usint Lines - number of lines to print, in accordance with the Inbuff field value.

    InBuff = EX_DIRECT - prints more than 1 line

    InBuff = EX_BUFFERED - prints one line only.

    usint Allign - picture allignment. One of the following values defined in

    EX_ALLIGN_LEFT - alligns to the left.

    EX_ALLIGN_RIGHT - alligns to the right.

    EX_ALLIGN_CENTRE - alligns to the center.

    byte Reserved[ 8 ] - reserved space for future use - must be 0.



    OUTPUT:

    None



    RETURN VALUE:

    0 - in case of an Error

    OUT_O_PAPER - when the printer is out of paper

    Other value - okay.

    USAGE / EXAMPLE:

    Printer Demo6

    Printer Demo7

    Printer Demo8





    NOTES:

    If InBuf == 0 - the data must be in the static area, where the bitmap data can not be modified. See Printer Demo6 for example

    If InBuf == 1 - the data can be in the dynamic area, where the bitmap data can be modified. See Printer Demo7 for example.
    Last edited by Salem; 01-11-2008 at 09:23 AM. Reason: Remove unnecesary code tags, which prevented line wrapping

  4. #4
    and the Hat of Guessing tabstop's Avatar
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    Is your question how to generate the byte array from a number, or how to send the byte array to the printer?

  5. #5
    and the hat of wrongness Salem's Avatar
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    Hex has nothing to do with it, that's just a convenient representation.

    When compiled, both these things are EXACTLY the same
    Code:
    char data [ ] = { 1, 2, 4, 8, 16, 32 };
    char data [ ] = { 0x1, 0x2, 0x4, 0x8, 0x10, 0x20 };
    However, the next question would seem to be how to convert a digit (Say '2') into the corresponding pixel data (hex as you put it) to output to the printer.

    To me, this seems like such a common thing to have to do with a PoS system that there should be an API already available to you.

    If not, then it would be what is in essence a lookup table to convert a character ('2') into some kind of bitmap representation of that character (as a barcode character).

    My first suggestion would be to explore the API documentation you have for more information.
    If you dance barefoot on the broken glass of undefined behaviour, you've got to expect the occasional cut.
    If at first you don't succeed, try writing your phone number on the exam paper.
    I support http://www.ukip.org/ as the first necessary step to a free Europe.

  6. #6
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    Quote Originally Posted by tabstop View Post
    Is your question how to generate the byte array from a number, or how to send the byte array to the printer?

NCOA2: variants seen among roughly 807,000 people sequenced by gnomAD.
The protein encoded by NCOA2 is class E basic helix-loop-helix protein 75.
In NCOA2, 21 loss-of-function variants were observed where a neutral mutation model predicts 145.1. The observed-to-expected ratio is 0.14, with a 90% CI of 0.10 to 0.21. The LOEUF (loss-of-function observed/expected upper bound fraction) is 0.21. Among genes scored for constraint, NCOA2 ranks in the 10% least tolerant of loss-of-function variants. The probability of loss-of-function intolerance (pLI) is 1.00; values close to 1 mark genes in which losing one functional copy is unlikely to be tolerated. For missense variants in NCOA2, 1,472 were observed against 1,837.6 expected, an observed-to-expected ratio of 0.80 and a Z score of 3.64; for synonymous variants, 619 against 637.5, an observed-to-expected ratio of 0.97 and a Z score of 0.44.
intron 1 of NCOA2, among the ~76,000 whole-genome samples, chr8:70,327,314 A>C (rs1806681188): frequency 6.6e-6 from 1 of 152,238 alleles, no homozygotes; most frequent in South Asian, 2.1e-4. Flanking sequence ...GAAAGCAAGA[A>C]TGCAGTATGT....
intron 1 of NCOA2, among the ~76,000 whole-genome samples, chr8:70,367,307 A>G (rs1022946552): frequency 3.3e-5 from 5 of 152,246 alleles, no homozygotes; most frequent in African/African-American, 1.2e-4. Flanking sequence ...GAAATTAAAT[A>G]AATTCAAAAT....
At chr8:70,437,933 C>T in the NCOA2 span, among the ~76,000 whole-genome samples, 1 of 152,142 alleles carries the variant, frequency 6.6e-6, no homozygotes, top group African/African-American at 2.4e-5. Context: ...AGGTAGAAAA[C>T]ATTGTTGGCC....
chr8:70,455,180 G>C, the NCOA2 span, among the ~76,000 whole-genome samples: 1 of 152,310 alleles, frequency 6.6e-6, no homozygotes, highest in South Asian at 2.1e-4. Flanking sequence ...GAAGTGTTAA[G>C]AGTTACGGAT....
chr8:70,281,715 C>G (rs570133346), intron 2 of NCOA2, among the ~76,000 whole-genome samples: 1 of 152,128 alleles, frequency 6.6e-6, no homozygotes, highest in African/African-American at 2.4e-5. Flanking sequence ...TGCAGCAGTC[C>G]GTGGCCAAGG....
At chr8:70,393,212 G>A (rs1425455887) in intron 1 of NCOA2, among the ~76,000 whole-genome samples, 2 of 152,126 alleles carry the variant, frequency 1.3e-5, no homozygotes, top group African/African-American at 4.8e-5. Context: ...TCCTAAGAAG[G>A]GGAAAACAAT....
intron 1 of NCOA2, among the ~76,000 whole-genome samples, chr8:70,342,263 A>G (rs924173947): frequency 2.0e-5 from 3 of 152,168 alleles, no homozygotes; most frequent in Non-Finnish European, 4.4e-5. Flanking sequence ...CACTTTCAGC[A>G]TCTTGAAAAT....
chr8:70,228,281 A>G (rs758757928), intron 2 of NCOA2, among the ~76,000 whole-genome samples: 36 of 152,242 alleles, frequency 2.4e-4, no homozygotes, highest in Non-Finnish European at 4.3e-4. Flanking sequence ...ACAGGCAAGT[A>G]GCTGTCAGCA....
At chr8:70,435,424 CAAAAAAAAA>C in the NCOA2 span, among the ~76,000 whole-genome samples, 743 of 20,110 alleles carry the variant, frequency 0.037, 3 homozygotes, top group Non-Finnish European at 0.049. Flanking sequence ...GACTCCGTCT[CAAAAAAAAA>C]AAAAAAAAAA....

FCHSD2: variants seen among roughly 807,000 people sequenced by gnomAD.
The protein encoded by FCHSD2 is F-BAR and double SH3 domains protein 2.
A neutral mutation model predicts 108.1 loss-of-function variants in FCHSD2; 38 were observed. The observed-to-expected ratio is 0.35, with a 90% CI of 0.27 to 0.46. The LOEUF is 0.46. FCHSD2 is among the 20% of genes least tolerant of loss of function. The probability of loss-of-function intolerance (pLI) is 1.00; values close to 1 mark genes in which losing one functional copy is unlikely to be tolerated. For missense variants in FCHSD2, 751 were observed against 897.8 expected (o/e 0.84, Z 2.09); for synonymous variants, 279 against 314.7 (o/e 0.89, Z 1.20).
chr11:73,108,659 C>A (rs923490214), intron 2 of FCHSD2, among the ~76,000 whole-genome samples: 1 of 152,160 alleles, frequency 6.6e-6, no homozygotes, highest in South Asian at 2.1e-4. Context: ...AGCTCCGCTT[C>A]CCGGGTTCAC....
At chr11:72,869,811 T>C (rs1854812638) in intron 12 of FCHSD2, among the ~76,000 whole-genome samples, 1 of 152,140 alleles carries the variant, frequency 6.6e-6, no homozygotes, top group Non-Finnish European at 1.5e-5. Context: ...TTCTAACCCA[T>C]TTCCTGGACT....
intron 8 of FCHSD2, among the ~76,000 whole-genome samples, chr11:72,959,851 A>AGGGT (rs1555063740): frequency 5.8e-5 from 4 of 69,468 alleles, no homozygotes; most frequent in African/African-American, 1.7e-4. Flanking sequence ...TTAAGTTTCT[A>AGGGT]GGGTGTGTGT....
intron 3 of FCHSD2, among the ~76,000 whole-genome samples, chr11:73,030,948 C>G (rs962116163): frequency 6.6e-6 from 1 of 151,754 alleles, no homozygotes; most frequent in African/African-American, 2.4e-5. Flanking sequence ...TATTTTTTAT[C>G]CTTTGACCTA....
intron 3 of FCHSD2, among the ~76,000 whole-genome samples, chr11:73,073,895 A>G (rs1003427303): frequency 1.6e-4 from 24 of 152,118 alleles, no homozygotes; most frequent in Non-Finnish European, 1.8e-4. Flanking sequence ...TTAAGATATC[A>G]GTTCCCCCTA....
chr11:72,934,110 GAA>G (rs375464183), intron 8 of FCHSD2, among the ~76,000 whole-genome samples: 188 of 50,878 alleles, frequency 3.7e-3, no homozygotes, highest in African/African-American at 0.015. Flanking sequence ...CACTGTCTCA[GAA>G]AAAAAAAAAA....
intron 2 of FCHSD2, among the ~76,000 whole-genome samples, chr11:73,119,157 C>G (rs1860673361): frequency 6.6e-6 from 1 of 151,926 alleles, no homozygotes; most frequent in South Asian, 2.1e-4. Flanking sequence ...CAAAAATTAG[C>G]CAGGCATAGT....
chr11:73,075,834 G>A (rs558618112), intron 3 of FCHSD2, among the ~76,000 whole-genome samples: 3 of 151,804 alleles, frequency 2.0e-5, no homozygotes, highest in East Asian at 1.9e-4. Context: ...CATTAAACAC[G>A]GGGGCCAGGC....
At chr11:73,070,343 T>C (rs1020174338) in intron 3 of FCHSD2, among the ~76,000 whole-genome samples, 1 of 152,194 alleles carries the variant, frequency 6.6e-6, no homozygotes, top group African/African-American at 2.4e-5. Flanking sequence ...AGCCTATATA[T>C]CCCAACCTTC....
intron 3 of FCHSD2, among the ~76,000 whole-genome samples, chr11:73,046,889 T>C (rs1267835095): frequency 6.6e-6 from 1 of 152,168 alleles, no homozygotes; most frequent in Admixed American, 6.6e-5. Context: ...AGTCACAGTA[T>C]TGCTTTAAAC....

to generate and to send for the printer

  7. #7
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    Quote Originally Posted by Salem View Post
    Hex has nothing to do with it, that's just a convenient representation.

    When compiled, both these things are EXACTLY the same
    Code:
    char data [ ] = { 1, 2, 4, 8, 16, 32 };
    char data [ ] = { 0x1, 0x2, 0x4, 0x8, 0x10, 0x20 };
    However, the next question would seem to be how to convert a digit (Say '2') into the corresponding pixel data (hex as you put it) to output to the printer.

    To me, this seems like such a common thing to have to do with a PoS system that there should be an API already available to you.

    If not, then it would be what is in essence a lookup table to convert a character ('2') into some kind of bitmap representation of that character (as a barcode character).

    My first suggestion would be to explore the API documentation you have for more information.
    I did not find nothing in help on this, only on catching the bar code of a reader, more necessary to generate of a number that this in an variable!

    if you it will be able to give one looked at in help, and to help me with this question he would be very been thankful!

    link download help ->

    http://www.megaupload.com/?d=12NY3HXF

    ---------------------------------------------------------------------------------------

    Summarizing, necessary to generate one bitmap of a bar code in the Code128 format from a text (String), to send for printer already I know as to make!
    Last edited by darkducke; 01-11-2008 at 10:35 AM.

  8. #8
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    I found this, more I do not know as to use for mine case!

    http://idautomation.com/fonts/code128/

  9. #9
    and the Hat of Guessing tabstop's Avatar
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    Do you have that font package? If so, then look through their docs; if not, then so what.

    It looks like there's two parts to this problem: 1) generating the pattern of black-and-white that makes up the barcode and 2) generating the bitmap equivalent in whatever format your printer expects.

    (1) looks pretty easy, based on thirty seconds of Google. You'll need to be able to peel off digits one at a time. For (2), based on what you posted above, your printer expects a pretty straightforward 1=black 0=white bit pattern, so whenever you figure out a black-and-white pattern you can add it into your bitfield.

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    Here's my interpretation of the translation based on the Code 128 specs. You'll still have to feed it to the printer. There a a few free Windows code 128 fonts on the net. I don't know if the Windows font files will be of any use to you since I'm not familiar with POS hardware you're using.